You may use LinkedIn to congratulate a friend on their work anniversary, but spies use it to find new potential sources, and they may be using AI-generated profiles to help them do it.
A new report from the Associated Press shows possible evidence of a fake profile being used to lure in potential contacts on LinkedIn. Katie Jones’s profile pic is pretty standard stuff for LinkedIn. The photo shows a nice-looking, clean-cut white lady with blue-ish eyes and light brown hair and an inscrutable expression on her face, like a LinkedIn Mona Lisa. The image is pretty generic, which is the point, as it seamlessly blends in with all the other nice-looking, clean-cut LinkedIn profiles eager to connect.
However, “Katie Jones” may be special, because according to the AP there’s a good deal of evidence that it was created by AI.
Several AI experts told the AP that the image of “Katie Jones” was definitely created using machine-learning techniques. A few of the subtle-yet-telltale signs that Katie Jones was created on a computer somewhere include a slightly asymmetrical face, an earring that appears to have melted off, an indistinct background, blurry boundaries between hair and ear, and streaks on her cheek that are either blur marks or a sign that she has been crying in the bathroom at work.
Why would anyone bother using machine-learning techniques to create a profile pic of an average white lady? Because it works. According to the AP, “Katie Jones” used LinkedIn to connect with policy experts and government figures in Washington, including a senator’s aide, a deputy assistant secretary of state, and Paul Winfree, an economist currently being considered for a seat on the Federal Reserve. Jones requested a connection, and they all accepted, because what the heck, it’s LinkedIn. As Winfree told the AP: “I literally accept every friend request that I get.”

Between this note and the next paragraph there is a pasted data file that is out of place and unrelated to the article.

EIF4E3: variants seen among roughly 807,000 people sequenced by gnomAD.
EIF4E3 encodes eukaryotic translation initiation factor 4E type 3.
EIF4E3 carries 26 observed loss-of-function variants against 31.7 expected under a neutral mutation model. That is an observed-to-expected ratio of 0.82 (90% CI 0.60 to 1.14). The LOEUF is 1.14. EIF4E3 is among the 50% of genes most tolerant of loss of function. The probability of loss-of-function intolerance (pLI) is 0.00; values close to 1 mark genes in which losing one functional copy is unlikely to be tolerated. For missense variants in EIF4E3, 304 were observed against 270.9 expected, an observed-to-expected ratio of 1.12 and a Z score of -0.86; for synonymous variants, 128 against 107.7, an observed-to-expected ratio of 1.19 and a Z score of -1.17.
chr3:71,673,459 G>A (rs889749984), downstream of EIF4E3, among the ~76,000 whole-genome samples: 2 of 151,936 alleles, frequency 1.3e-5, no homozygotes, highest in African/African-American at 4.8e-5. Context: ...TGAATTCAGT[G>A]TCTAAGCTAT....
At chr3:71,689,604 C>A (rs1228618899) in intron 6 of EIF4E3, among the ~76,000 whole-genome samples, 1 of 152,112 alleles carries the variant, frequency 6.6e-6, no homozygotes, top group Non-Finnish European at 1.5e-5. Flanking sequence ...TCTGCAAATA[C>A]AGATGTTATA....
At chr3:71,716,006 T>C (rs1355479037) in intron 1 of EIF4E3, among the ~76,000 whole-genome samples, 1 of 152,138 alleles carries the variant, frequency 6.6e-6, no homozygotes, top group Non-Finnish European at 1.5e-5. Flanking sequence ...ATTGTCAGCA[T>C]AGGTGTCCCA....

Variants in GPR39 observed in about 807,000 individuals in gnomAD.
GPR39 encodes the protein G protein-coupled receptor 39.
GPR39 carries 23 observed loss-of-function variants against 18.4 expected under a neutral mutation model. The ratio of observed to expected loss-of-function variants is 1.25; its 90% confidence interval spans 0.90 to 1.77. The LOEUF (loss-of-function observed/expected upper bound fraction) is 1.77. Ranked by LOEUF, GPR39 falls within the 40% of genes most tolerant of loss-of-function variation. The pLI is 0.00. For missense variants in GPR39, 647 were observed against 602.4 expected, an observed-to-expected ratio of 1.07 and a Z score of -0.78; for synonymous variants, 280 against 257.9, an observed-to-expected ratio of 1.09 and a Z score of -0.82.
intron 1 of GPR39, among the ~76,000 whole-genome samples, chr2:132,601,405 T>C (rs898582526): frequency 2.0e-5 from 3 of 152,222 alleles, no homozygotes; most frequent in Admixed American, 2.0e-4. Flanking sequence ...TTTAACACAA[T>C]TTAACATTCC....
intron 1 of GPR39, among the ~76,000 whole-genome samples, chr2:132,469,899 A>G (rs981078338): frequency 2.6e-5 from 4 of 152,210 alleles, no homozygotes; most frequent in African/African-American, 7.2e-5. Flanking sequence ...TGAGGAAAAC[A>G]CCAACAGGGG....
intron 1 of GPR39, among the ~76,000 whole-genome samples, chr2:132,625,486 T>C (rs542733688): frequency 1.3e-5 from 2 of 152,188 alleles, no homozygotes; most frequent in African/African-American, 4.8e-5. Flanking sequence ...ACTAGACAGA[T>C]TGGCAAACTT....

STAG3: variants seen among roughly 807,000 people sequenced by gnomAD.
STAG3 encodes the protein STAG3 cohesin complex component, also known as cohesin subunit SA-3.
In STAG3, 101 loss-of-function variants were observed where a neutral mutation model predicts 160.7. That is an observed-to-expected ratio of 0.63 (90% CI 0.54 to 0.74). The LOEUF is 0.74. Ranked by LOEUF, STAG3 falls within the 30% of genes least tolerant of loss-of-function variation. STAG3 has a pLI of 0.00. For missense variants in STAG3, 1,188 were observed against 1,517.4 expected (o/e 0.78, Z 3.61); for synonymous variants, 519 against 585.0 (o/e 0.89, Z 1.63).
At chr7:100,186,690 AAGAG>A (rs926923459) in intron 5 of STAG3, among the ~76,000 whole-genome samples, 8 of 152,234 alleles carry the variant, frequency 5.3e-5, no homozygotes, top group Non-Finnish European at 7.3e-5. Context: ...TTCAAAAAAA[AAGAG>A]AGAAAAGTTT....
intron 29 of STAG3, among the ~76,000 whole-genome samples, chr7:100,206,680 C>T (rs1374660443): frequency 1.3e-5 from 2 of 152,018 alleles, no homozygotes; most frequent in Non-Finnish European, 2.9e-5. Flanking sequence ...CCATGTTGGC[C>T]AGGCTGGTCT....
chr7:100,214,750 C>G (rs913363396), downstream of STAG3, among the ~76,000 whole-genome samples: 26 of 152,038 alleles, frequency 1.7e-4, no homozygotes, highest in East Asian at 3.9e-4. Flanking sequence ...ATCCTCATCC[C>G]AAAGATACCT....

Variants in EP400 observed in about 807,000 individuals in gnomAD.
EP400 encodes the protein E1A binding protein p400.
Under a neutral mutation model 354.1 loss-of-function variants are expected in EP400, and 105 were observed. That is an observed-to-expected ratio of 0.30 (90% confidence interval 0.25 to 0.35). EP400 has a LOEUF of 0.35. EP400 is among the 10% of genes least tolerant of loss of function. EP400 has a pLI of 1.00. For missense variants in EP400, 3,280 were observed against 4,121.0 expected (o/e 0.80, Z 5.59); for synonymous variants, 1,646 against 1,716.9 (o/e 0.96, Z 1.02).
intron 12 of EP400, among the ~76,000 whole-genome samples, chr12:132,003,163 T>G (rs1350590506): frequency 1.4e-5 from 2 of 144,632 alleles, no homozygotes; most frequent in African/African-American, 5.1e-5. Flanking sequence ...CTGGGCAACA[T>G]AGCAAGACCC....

Why LinkedIn? Because as William Evanina, director of the U.S. National Counterintelligence and Security Center, told the AP: “Instead of dispatching spies to some parking garage in the U.S. to recruit a target, it’s more efficient to sit behind a computer in Shanghai and send out friend requests to 30,000 targets.”
In short, it’s an easy form of spycraft, because the potential source just accepts a connection from a pretty blonde and probably never thinks about it again until it’s time to congratulate the AI-generated person on their work anniversary.
For a while now people have been worrying about the threat of “deepfakes,” AI-generated personas that are indistinguishable, or almost indistinguishable, from real live humans. I think I may have caught an example of one in the wild:https://t.co/yvZbK8RoQt pic.twitter.com/4FaNqtivEY
— Raphael Satter @ RightsCon (@razhael) June 13, 2019